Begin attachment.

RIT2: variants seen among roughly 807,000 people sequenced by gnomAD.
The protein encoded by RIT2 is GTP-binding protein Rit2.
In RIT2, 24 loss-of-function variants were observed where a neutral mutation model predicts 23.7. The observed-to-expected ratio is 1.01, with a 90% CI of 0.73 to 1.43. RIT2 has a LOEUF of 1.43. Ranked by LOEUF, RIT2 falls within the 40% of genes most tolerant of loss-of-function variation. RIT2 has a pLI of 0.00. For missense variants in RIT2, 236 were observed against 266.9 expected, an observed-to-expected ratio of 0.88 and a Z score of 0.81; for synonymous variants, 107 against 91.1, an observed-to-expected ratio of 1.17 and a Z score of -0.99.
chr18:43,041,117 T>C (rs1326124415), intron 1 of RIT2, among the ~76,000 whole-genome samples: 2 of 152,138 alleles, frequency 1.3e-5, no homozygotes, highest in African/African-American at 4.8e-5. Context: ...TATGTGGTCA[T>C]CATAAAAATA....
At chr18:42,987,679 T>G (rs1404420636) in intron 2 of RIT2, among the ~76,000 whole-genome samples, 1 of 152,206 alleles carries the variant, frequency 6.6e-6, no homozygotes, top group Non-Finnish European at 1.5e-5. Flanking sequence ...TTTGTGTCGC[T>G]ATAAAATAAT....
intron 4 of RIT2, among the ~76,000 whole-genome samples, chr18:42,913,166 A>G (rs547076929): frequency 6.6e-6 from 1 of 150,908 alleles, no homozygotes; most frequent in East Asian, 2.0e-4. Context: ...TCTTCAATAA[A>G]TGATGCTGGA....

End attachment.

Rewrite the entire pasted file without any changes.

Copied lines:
RIT2: variants seen among roughly 807,000 people sequenced by gnomAD.
The protein encoded by RIT2 is GTP-binding protein Rit2.
In RIT2, 24 loss-of-function variants were observed where a neutral mutation model predicts 23.7. The observed-to-expected ratio is 1.01, with a 90% CI of 0.73 to 1.43. RIT2 has a LOEUF of 1.43. Ranked by LOEUF, RIT2 falls within the 40% of genes most tolerant of loss-of-function variation. RIT2 has a pLI of 0.00. For missense variants in RIT2, 236 were observed against 266.9 expected, an observed-to-expected ratio of 0.88 and a Z score of 0.81; for synonymous variants, 107 against 91.1, an observed-to-expected ratio of 1.17 and a Z score of -0.99.
chr18:43,041,117 T>C (rs1326124415), intron 1 of RIT2, among the ~76,000 whole-genome samples: 2 of 152,138 alleles, frequency 1.3e-5, no homozygotes, highest in African/African-American at 4.8e-5. Context: ...TATGTGGTCA[T>C]CATAAAAATA....
At chr18:42,987,679 T>G (rs1404420636) in intron 2 of RIT2, among the ~76,000 whole-genome samples, 1 of 152,206 alleles carries the variant, frequency 6.6e-6, no homozygotes, top group Non-Finnish European at 1.5e-5. Flanking sequence ...TTTGTGTCGC[T>G]ATAAAATAAT....
intron 4 of RIT2, among the ~76,000 whole-genome samples, chr18:42,913,166 A>G (rs547076929): frequency 6.6e-6 from 1 of 150,908 alleles, no homozygotes; most frequent in East Asian, 2.0e-4. Context: ...TCTTCAATAA[A>G]TGATGCTGGA....